Dangerous Times, The
Posted Jul 5 2006
As I read the back cover of The Dangerous Times I found myself thinking, "here we go again...another hip hop/urban/hood fiction book." Well, it did have some elements of that genre. A youngster finds himself caught up in the streets and learns to value life after several shootouts, fights, and criminal enterprises. He actually has a good heart, but keeps making poor decisions, hurting those whom he loves in the process. The book starts off with a plot worthy of a young Scarface, then works its way back, coming full circle. Although the main characters run the city like Jesse james in his prime Berry does make an effort to make make them, particularly the main character Troy, out to be more complex. In spite of Berry's best efforts I just didn't find myself empathizing with Troy. I kept wanting him to get his act together and use the intelligence he obviously had to turn that corner to positivity. I was actually glad that his lady had the strength to leave him. But as harsh as I sound, this book is about Troy's life as a pre-teen up into his twenties, which Berry calls "The Dangerous Times," when people are more guided by emotion and their peers than reason and elders. During that time period I got myself into plenty of jams that I wouldn't want to be judged on right now and I had some support systems in place that got me through. Granted, the character of Troy faced more hardships, but as Berry notes, there were positive people on his side and he made certain choices that he had to pay the consequences for. I mean, damn! How many people do you have to shoot before you figure out there will be hell to pay? It's easy to get caught up, but damn!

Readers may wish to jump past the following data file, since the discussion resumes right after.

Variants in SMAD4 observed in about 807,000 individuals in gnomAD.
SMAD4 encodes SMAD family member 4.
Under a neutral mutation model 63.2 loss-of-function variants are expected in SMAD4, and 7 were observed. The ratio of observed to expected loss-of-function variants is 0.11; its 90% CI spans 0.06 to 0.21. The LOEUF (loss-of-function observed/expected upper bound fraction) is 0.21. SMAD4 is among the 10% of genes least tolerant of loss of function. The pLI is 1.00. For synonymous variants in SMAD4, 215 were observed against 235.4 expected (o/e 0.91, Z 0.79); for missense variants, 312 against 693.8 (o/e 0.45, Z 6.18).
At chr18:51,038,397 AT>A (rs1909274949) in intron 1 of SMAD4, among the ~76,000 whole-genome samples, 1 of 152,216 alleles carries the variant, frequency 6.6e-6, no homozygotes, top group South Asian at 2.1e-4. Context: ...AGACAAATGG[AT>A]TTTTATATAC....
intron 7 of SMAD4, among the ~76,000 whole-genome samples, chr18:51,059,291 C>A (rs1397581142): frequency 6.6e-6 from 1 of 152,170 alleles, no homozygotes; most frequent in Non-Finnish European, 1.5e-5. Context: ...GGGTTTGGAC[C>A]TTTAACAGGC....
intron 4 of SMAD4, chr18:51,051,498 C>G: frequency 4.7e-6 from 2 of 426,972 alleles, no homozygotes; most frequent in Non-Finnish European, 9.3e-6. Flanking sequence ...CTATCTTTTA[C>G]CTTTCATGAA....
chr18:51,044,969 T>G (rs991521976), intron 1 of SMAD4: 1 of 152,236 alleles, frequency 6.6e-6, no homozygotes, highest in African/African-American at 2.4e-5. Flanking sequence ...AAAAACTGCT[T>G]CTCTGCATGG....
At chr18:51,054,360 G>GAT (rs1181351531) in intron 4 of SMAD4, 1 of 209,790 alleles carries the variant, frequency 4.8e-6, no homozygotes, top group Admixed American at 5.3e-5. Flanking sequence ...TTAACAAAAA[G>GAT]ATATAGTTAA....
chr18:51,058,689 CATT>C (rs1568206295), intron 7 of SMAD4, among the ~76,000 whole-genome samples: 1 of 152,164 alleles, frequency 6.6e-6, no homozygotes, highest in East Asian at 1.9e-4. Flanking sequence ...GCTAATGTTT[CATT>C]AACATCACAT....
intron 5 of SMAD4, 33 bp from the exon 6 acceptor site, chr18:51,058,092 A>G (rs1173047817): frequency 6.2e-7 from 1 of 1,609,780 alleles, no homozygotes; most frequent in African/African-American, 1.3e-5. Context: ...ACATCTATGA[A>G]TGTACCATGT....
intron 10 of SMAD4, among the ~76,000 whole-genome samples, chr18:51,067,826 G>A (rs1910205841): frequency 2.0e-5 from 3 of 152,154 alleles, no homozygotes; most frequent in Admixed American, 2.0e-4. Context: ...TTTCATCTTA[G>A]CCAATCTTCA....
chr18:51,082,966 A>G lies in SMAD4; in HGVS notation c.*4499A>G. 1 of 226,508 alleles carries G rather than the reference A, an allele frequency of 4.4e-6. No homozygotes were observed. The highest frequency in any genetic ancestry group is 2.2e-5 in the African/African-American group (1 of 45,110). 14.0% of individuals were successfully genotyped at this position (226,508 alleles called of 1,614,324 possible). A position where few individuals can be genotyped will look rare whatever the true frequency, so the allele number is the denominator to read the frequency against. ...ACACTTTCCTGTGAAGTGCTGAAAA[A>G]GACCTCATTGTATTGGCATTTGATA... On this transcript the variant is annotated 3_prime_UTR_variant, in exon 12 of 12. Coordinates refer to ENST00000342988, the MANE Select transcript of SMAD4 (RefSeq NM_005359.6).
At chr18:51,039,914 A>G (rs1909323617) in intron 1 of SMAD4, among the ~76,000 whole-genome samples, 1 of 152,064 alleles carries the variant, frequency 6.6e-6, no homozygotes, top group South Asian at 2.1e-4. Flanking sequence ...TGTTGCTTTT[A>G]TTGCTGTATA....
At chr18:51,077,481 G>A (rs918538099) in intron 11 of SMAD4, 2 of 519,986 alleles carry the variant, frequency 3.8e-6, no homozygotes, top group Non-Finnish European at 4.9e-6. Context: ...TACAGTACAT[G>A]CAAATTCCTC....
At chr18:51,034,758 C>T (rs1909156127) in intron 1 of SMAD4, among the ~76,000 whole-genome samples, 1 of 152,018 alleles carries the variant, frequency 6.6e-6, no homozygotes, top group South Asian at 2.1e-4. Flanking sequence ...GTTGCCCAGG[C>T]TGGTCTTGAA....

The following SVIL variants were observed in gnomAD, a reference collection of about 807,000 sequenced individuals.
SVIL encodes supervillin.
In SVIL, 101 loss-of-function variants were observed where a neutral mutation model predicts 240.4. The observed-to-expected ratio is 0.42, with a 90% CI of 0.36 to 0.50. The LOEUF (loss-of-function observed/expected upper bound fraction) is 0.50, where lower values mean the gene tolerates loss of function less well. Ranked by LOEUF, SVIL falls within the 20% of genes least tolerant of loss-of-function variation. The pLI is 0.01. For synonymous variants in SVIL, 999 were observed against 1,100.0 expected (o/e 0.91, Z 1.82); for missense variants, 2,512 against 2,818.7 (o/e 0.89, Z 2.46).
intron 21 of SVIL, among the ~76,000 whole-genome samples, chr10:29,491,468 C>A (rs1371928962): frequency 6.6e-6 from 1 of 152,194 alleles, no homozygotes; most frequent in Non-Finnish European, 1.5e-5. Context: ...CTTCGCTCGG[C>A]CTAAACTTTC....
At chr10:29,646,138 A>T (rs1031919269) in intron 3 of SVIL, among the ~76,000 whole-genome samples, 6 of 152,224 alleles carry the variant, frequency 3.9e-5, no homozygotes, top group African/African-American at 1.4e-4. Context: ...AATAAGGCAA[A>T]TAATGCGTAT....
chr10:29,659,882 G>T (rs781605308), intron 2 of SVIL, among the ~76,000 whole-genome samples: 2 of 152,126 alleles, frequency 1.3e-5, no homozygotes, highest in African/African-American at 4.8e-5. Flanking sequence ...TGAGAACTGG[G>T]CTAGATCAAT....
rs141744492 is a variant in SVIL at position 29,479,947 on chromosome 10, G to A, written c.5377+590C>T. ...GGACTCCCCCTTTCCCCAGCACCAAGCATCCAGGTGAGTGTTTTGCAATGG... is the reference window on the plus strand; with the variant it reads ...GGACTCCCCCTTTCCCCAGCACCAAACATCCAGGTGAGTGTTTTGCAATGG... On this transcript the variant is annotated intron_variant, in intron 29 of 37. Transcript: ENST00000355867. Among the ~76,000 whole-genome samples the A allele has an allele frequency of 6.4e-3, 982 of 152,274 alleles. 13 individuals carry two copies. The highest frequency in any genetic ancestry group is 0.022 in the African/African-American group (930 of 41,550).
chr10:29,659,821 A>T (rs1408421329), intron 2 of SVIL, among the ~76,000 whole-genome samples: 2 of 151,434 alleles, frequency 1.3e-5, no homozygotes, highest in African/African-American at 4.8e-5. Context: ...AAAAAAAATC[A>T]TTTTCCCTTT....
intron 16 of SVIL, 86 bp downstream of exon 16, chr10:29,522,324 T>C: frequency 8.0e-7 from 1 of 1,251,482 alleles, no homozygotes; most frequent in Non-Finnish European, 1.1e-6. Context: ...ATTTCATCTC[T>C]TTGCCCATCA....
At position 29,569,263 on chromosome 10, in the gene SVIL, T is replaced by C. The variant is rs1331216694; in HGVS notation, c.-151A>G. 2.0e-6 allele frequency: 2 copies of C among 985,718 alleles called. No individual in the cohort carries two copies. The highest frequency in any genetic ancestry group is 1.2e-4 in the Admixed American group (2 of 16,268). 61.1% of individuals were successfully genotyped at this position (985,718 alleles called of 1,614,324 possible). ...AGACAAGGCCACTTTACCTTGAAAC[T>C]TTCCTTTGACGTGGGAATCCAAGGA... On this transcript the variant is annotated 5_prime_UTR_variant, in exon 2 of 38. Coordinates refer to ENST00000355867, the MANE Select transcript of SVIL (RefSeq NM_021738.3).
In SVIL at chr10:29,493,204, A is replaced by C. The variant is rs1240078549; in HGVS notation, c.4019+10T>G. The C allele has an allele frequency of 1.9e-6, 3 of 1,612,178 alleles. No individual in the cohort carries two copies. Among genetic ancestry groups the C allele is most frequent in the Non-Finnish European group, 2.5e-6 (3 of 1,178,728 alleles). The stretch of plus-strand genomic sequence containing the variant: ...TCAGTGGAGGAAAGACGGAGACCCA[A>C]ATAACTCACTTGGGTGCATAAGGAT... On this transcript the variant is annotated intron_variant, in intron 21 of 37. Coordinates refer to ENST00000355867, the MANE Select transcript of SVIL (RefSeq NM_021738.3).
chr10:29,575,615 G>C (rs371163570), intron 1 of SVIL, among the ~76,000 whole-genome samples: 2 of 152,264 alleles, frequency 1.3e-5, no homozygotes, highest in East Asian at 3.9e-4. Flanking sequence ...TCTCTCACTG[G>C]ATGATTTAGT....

This was a quick read and undoubtedly one that will be popular with the younger set. It's action packed and has a message of redemption. Those from Cleveland will appreciate all of the local references. For older dudes like me, after a lifetime of The Godfather, Scarface, Monster Cody, NWA, The Geto Boys, Mi Vida Loca, Young Boys Incorporated, some personal experiences, and countless other gangbangin' shoot 'em up tales, these types of stories have lost their luster. Guess that's why I became a teacher. This shouldn't deter you if you're interested in reading this book. Just know that there are no surprises here. Berry delivers exactly what he describes. He has several projects in the works and with that work ethic I can give him nothing but respect and it'll be interesting to see where his career takes him.
BTW, there a few of hip-hop references here. Not enough to make it a "hip-hop book," but a couple that brought a smile to my face.